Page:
This is an excerpt from the Members’ Report TRANSFORMATION OF TRUST, published by the Copenhagen Institute for Futures Studies. If you are interested in becoming a member of CIFS, get in touch with us here.
Trust is changing. Citizens’ faith in established institutions is in decline and new technologies are emerging that will change how trust is facilitated and maintained in the digital age. In this interview from the CIFS Members Report TRANSFORMATION OF TRUST, Professor and Head of the European Blockchain Centre Roman Beck shares his thoughts on what blockchain technology will mean for the future of trust.
Some claim that blockchain is the new technology of trust. What is your take on this?
Roman Beck: “Trust itself is a highly complex concept. Uncertainty is the root of distrust, and the greater the uncertainty, the greater the trust gap. I essentially see blockchain as a technology that can eliminate uncertainty and, hence, blockchain enables trust through transparency and immutability. So yes, ultimately, you can say that blockchain is transforming trust.”
Can you tell us about how this is changing more than just how we transfer money?
Roman Beck: “The first buzzwords that naturally come to mind when talking about blockchain are Bitcoin and cryptocurrencies. In a way, Bitcoin served as a proof-of-concept for what is possible with blockchain, but it can be used for many nonfinancial tasks, such as casting votes in elections, sharing of health data securely or helping to manage supply chains better. Some industries will experience more significant change than others; however, there are vast opportunities across most industries.”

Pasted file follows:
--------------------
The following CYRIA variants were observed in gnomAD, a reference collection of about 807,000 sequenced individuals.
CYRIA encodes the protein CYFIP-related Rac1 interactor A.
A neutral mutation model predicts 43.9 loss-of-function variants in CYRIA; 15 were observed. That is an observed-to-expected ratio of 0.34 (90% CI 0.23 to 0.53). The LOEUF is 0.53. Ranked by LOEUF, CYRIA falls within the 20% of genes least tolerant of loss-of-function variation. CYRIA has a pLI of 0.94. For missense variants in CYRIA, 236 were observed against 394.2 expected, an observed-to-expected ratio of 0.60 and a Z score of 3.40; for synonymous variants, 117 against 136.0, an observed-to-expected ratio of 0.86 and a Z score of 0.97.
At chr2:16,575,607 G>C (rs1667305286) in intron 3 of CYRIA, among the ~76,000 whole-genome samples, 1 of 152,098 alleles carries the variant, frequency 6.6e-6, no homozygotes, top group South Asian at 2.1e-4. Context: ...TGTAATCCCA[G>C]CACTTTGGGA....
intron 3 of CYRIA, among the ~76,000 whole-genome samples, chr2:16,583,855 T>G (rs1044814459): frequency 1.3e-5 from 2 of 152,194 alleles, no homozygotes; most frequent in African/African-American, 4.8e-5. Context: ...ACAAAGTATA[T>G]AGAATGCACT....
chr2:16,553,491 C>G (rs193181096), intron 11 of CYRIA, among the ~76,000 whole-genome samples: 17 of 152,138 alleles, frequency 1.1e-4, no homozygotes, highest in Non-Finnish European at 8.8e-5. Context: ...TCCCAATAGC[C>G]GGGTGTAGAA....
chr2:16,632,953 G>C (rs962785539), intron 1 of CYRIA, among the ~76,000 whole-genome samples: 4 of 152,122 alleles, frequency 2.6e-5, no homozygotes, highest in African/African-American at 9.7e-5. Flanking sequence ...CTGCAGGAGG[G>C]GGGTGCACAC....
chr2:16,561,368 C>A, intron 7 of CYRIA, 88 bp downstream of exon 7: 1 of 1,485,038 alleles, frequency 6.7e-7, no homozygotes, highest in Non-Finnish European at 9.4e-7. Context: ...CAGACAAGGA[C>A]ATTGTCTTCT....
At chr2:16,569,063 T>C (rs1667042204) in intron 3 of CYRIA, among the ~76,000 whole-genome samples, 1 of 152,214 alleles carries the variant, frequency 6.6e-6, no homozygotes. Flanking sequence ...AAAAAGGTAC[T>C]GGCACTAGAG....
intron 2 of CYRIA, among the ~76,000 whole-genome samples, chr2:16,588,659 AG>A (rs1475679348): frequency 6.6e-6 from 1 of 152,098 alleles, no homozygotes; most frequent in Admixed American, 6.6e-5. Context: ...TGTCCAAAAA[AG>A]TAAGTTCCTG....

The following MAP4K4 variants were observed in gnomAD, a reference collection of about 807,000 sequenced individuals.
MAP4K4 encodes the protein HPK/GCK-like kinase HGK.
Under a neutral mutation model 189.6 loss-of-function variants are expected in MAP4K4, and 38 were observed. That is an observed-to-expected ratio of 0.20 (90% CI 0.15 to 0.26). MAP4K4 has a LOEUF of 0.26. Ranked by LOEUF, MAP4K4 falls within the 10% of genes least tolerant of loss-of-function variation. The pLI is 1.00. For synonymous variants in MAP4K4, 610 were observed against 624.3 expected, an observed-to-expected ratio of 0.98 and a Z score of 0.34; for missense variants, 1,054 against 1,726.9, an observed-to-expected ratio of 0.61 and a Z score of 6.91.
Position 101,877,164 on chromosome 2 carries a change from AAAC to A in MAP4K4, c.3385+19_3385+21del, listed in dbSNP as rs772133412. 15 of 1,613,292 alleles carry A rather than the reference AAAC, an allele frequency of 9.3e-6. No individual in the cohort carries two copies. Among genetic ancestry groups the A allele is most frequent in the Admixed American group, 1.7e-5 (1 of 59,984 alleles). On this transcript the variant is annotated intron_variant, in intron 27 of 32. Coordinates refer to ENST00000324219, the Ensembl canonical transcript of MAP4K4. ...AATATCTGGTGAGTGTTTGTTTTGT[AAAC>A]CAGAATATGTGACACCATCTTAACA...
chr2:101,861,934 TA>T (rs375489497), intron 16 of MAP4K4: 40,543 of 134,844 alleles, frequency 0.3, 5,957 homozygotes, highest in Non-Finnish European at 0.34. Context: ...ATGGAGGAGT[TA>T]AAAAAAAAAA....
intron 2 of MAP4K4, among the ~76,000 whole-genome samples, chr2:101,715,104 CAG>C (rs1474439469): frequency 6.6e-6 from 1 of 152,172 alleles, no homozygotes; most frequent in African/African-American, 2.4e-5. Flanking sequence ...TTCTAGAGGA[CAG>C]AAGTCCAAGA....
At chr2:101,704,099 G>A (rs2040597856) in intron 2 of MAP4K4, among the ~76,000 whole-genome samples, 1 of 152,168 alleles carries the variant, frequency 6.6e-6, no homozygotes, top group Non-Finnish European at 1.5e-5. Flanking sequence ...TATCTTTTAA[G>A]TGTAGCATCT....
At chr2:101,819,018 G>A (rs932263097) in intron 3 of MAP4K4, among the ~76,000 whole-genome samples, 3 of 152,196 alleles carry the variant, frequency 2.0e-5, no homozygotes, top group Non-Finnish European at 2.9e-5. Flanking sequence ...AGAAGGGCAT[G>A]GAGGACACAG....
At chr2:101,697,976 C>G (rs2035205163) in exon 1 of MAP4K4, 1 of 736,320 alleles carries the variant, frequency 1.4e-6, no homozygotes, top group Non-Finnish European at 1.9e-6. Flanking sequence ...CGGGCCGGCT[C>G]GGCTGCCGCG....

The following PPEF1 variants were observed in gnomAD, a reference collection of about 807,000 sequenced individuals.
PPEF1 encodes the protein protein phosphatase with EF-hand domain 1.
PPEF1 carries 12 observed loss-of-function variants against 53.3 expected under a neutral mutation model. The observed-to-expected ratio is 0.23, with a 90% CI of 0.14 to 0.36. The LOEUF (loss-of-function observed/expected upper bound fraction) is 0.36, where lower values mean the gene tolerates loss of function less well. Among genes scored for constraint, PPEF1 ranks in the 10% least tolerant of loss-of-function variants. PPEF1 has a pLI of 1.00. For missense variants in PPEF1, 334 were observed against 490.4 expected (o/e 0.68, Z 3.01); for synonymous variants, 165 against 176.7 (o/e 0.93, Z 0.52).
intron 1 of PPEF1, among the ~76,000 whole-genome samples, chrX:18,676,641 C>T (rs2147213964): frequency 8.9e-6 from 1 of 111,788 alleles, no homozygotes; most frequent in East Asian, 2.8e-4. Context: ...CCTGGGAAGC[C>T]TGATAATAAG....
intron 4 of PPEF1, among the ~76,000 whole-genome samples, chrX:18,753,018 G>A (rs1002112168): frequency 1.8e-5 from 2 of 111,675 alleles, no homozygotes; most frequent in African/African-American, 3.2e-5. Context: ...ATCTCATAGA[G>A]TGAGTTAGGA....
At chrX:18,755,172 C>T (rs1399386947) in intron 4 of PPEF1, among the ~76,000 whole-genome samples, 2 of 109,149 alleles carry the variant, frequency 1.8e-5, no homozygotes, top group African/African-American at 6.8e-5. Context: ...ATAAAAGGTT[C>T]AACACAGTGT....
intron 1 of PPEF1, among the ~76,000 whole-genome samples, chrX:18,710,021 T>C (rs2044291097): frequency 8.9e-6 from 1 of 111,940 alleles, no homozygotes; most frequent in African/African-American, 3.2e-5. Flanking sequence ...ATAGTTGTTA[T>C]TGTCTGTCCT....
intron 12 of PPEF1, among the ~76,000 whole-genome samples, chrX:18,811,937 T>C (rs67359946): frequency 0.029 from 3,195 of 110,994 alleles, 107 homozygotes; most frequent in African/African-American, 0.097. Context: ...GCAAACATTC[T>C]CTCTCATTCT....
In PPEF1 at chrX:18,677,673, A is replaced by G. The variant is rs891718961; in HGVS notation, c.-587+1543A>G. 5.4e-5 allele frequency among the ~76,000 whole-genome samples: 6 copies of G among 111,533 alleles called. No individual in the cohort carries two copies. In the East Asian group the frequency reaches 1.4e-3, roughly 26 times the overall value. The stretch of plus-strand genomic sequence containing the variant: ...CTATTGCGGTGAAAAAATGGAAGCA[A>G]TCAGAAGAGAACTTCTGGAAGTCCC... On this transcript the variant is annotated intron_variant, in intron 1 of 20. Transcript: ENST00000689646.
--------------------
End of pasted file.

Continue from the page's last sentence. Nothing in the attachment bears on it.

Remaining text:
“There is huge potential in combining blockchain with other advanced technologies, such as AI, IoT and 3D printing, especially in autonomous systems. Take autonomous vehicles, for example, where blockchain can be the technology that removes uncertainty and ensures that cars can trust each other, by running seamlessly underneath. If the cars can trust each other and don’t get in each other’s way, it means that it is easier for people to trust autonomous cars.”
How important is distribution in relation to trust? Is the future of trust distributed?
Roman Beck: “The future will be centralised, decentralised, distributed, hierarchical, all kinds of things. It will be mix of approaches, not just a decentralised future. One of the things that speaks in favour of increased distribution of trust is that those who are tech-savvy may entirely question why they should pay a middleman for a service, when they can access a more efficient distributed blockchain solution for a fraction of the price, and it is more secure and transparent.”
“The majority of us do not care if the provider of a service is distributed or centralised. Most of us do not want to pay for something merely because of the fact that it is distributed. Rather, we would likely opt for a distributed solution if we think that it is better. However, there are those who do not believe in having a central market maker such as a central banking institution, simply because they do not trust the idea of centralised institutions. In the end, the customer will have the power to decide.”
How do you see this development impacting society and social structures over the next three years? five years? ten years?
Roman Beck: “There is a lot of hype, but we still do not completely understand how this is going to change society and how we live our lives. In terms of timing, I believe that three years is more likely than five or ten years to see mainstream application of blockchain solutions.”
“Increasingly we will see a blockchain-powered internet and networks based on blockchain. These developments are already on the horizon – we do not need a crystal ball to predict this. A vital detail is the human aspect and the role played by people’s trust in the technology. People are a limiting factor and if fears surrounding a lack of control and distrust are present rather than trust, the role blockchain will play in our lives may be halted.”